At Tulane Law School, in New Orleans, an uproar broke out when an article online revealed that one of its students, Bruce Reilly, had served a 12-year sentence for a second-degree murder charge when he was 19. Reilly, now 44, graduated in 2014 and is the deputy director of Voice of the Experienced, a nonprofit group that fights ex-inmate stigma, working with clients who may be barred from housing and employment to which they’re legally entitled. He has also advocated to end mandatory-sentence minimums and for ban-the-box in his state. His probation is to end when he’s 65.
Many inmates, upon release, may not have friends, family or financial support, let alone access to a minimum wage job, Reilly noted. All are critical just in getting a law school application together.
“It’s hard to get the space and time to do this stuff,” he said. “It seemed like the dumbest thing in the world at the time to leave [his paying job] and take on $200,000 in debt. Imagine starting undergrad at 30 and you have no folks.”
Reilly, who applied to more than 30 law schools, said the schools “are dead scared of a PR fiasco, which is totally understandable. But they also weigh whether you’re going to pass the bar or not, and they don’t want you to bring down their stats. Ex-inmates who want to go have to outshine everyone else in a huge way. We couldn’t have any blemishes when up against these super-high LSAT scores and letters of recommendation from governors.”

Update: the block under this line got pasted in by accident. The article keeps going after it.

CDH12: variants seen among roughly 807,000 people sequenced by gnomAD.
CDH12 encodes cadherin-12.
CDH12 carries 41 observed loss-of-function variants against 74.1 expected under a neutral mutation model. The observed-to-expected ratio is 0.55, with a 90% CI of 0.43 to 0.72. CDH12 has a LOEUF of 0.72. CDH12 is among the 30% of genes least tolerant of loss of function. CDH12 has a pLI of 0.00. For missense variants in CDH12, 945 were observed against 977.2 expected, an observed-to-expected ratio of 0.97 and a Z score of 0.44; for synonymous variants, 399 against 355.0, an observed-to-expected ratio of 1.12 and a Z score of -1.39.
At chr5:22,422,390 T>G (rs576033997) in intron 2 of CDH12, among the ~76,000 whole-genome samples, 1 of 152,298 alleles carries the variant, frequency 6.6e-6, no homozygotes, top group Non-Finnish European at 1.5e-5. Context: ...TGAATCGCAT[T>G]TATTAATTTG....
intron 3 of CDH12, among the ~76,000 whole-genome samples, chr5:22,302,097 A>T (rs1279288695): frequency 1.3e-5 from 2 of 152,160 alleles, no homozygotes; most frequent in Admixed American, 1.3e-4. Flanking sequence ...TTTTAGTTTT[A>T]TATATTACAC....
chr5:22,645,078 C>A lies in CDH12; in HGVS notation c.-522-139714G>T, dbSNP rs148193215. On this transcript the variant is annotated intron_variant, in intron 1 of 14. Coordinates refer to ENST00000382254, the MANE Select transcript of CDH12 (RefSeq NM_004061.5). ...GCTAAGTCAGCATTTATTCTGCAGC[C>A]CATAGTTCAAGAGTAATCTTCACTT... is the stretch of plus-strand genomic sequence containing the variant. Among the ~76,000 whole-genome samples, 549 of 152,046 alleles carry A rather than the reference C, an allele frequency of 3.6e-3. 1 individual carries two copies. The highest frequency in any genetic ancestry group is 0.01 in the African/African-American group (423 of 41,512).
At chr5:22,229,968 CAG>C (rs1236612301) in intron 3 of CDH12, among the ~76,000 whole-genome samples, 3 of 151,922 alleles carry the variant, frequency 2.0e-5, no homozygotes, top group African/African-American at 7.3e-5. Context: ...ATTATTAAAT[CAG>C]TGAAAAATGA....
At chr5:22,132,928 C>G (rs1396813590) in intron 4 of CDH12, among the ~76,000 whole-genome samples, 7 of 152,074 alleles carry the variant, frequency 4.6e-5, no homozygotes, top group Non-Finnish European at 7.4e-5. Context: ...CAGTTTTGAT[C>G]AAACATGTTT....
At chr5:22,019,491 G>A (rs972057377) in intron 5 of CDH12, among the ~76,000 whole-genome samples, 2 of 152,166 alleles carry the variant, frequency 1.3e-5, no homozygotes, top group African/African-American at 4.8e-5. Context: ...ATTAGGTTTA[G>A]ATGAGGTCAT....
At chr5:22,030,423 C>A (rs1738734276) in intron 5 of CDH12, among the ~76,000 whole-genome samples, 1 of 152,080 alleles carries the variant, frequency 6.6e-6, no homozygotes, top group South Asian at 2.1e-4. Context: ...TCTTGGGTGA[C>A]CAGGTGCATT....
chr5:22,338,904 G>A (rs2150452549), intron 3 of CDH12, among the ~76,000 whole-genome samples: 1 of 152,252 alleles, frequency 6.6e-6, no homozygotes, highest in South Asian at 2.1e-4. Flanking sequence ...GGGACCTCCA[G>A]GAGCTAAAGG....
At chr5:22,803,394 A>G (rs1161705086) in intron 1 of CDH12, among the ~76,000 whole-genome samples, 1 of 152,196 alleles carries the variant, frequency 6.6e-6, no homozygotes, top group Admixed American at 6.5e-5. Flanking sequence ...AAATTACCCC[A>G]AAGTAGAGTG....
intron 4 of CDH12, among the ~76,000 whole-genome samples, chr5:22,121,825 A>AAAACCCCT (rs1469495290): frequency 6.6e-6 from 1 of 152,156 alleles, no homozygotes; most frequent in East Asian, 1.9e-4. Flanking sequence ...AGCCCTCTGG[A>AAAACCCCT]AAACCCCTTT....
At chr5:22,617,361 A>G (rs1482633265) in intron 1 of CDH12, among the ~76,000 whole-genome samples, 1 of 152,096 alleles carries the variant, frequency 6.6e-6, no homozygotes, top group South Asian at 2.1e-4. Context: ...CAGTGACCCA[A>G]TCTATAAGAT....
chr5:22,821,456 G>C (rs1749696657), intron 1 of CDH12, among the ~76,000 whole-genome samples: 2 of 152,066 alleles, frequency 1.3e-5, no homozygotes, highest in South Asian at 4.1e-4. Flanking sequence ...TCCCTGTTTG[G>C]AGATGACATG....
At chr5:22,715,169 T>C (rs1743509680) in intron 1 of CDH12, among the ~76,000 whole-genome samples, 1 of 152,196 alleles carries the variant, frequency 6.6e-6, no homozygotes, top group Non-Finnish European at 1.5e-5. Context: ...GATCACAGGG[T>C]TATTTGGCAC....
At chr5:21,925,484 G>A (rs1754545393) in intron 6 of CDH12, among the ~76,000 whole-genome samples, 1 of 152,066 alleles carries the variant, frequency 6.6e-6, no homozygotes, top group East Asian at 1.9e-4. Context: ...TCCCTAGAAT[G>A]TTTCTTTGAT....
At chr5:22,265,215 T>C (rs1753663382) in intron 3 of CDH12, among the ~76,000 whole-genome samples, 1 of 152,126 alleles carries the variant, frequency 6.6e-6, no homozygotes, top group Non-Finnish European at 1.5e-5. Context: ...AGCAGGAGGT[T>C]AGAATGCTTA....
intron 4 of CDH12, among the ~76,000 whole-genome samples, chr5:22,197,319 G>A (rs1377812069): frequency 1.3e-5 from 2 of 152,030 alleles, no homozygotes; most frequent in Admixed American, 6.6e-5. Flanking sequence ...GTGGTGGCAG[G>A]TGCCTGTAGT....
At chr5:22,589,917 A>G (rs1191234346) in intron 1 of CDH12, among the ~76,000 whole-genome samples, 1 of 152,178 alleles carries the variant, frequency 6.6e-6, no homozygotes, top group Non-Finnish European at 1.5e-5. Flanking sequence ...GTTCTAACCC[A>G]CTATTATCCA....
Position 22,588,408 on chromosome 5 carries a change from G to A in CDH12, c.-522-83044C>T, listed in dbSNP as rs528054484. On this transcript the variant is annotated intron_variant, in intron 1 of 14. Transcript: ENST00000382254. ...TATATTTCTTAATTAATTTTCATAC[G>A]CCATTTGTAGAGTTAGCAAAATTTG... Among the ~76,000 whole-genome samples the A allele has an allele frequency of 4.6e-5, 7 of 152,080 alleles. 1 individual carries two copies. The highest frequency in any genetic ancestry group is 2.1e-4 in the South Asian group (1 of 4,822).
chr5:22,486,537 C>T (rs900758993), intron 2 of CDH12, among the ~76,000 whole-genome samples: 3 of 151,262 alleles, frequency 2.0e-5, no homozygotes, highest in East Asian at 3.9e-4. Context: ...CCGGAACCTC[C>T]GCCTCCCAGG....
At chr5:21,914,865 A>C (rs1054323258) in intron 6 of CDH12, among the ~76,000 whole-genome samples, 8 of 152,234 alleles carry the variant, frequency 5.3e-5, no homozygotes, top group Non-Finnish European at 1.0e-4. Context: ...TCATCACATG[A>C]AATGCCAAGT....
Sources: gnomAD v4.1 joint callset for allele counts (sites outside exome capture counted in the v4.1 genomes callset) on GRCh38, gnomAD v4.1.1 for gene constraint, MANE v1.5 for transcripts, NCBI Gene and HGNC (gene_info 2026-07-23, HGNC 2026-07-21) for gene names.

He is currently using his legal education for advocacy and other work beyond the courtroom.
“Some of us are treated like savages, even though we’re educated,” Reilly said. He added that “for most of these folks, law school isn’t the hardest thing they’ve done in their lives.”
McManus, discouraged by his prospects, plans to end his legal studies program at the end of the semester.
“I don’t feel like going into a prolonged battle. I just don’t have the years left to do all of that,” he said. “I’ve been there. I see how it works.”